SSD: `badblocks` / `e2fsck -c` vs reallocated/remapped sectors

The badblocks utility allows one to find bad blocks on a device, and e2fsck -c allows one to add such bad blocks to the bad block inode so that they will not be used for actual data. But for SSD, it is known that bad sectors are normally reallocated (remapped) transparently by the drive (however, only when a write occurs). So, does it make any sense to use badblocks / e2fsck -c on a SSD?

I suppose that

  • badblocks alone can make sense to get information on the health of the SSD, e.g. by considering the total number of bad blocks (I don’t know whether smartctl from smartmontools can do the same thing… perhaps with a long test smartctl -t long, but I haven’t seen any clear documentation);
  • it should be discouraged to use e2fsck -c (which adds bad blocks to the bad block inode), because due to the possible reallocation, the associated numbers (logical addresses?) may become obsolete.

But there isn’t any warning about the case of SSD in the man pages of these utilities. So I’m wondering…

Asked By: vinc17


Hard drives also remap failing sectors on writes, and have done so for decades; this isn’t specific to SSDs. The main wrinkle with badblocks and SSDs compared to hard drives is the amount of wear that writing an entire drive entails (but even that’s not necessarily significant).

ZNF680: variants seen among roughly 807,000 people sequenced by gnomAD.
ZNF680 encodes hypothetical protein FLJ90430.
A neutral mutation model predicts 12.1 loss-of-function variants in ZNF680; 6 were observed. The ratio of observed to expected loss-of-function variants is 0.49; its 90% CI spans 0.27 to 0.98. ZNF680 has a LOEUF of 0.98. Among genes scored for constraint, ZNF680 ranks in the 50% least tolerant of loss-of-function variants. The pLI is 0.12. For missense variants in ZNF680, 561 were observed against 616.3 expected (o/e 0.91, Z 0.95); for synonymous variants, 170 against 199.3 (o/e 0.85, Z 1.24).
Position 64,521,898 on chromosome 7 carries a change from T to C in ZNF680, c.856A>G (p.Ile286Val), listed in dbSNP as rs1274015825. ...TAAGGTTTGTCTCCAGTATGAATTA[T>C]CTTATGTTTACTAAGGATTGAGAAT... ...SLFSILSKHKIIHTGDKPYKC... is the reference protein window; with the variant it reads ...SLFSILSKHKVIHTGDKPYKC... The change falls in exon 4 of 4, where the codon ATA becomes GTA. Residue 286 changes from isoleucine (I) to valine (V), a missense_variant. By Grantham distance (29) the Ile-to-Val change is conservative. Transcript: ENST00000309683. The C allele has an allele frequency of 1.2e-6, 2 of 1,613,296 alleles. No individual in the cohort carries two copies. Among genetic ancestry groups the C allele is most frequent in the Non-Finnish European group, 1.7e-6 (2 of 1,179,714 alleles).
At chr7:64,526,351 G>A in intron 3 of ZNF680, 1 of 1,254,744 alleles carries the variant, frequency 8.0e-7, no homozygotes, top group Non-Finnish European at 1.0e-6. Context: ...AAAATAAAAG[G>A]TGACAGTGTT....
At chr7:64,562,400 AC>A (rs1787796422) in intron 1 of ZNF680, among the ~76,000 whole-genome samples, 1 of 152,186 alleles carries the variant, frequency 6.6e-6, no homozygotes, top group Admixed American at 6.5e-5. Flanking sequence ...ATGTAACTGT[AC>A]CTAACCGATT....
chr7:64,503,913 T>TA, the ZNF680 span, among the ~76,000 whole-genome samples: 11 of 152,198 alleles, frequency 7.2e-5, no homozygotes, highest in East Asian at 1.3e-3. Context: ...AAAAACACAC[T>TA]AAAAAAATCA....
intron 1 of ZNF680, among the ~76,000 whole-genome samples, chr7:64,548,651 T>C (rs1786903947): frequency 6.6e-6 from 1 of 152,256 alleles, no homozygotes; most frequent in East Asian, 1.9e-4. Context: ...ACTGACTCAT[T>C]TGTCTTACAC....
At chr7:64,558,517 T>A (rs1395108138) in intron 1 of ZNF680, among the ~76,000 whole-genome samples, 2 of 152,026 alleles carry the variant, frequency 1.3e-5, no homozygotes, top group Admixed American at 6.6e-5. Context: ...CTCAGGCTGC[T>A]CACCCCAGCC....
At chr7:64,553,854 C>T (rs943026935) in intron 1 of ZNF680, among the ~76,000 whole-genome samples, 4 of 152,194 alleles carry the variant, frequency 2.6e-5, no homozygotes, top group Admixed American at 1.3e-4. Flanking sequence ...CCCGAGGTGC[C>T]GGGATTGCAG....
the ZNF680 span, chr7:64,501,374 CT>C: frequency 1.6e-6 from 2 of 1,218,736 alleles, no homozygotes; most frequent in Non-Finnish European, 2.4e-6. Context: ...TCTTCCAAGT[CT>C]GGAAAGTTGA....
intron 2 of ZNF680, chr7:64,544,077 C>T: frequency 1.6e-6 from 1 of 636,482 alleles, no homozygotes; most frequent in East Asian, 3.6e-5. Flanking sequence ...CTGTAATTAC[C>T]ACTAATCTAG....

This remapping (which doesn’t affect externally-visible block identifiers) means that using badblocks to avoid writing to a block is useless — when a bad block is encountered, it’s actually better to write to it, so that the drive can remap it if necessary. And using badblocks to identify blocks which can’t be read is also not particularly useful; if the data is important, it’s better to use a tool such as ddrescue to try to recover it, and if the data isn’t important, it’s better to overwrite the block so that the drive can remap it if necessary.

The drives’ own tests can be used to identify bad blocks; for that, the best option is the offline test, since that is what updates the most error tracking fields (and thus checks for the most errors). If you run that periodically and look for non-zero “offline uncorrectable” sector counts, you should get the same result as running badblocks. (Run smartctl -a and look at the fields which have “Offline” in their “Updated” column.)

In any case on modern drives, if the drive gets bad enough that its remapping can’t cope and thus excluding blocks from a file system would be useful, then it’s time to recycle it.

See also the Arch wiki for a discussion of badblocks v. remapping. badblocks can be used to force identification of bad blocks by the drive firmware, but I suspect that a more targeted approach (at least when writing) would be preferable on an SSD.

Answered By: Stephen Kitt
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